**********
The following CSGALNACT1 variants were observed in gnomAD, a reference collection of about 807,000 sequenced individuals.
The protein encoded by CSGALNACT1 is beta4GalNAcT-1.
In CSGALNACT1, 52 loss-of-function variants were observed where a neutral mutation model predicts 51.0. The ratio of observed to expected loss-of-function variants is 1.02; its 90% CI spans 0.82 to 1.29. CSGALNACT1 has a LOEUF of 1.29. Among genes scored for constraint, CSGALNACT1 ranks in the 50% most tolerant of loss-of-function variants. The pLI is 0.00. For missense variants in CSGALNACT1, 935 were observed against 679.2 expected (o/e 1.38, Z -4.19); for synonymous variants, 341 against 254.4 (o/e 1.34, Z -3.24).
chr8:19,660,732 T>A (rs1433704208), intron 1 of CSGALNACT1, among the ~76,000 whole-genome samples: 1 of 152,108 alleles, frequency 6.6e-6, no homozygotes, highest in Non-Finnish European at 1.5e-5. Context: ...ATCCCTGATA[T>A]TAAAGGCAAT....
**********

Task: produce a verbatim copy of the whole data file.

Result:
The following CSGALNACT1 variants were observed in gnomAD, a reference collection of about 807,000 sequenced individuals.
The protein encoded by CSGALNACT1 is beta4GalNAcT-1.
In CSGALNACT1, 52 loss-of-function variants were observed where a neutral mutation model predicts 51.0. The ratio of observed to expected loss-of-function variants is 1.02; its 90% CI spans 0.82 to 1.29. CSGALNACT1 has a LOEUF of 1.29. Among genes scored for constraint, CSGALNACT1 ranks in the 50% most tolerant of loss-of-function variants. The pLI is 0.00. For missense variants in CSGALNACT1, 935 were observed against 679.2 expected (o/e 1.38, Z -4.19); for synonymous variants, 341 against 254.4 (o/e 1.34, Z -3.24).
chr8:19,660,732 T>A (rs1433704208), intron 1 of CSGALNACT1, among the ~76,000 whole-genome samples: 1 of 152,108 alleles, frequency 6.6e-6, no homozygotes, highest in Non-Finnish European at 1.5e-5. Context: ...ATCCCTGATA[T>A]TAAAGGCAAT....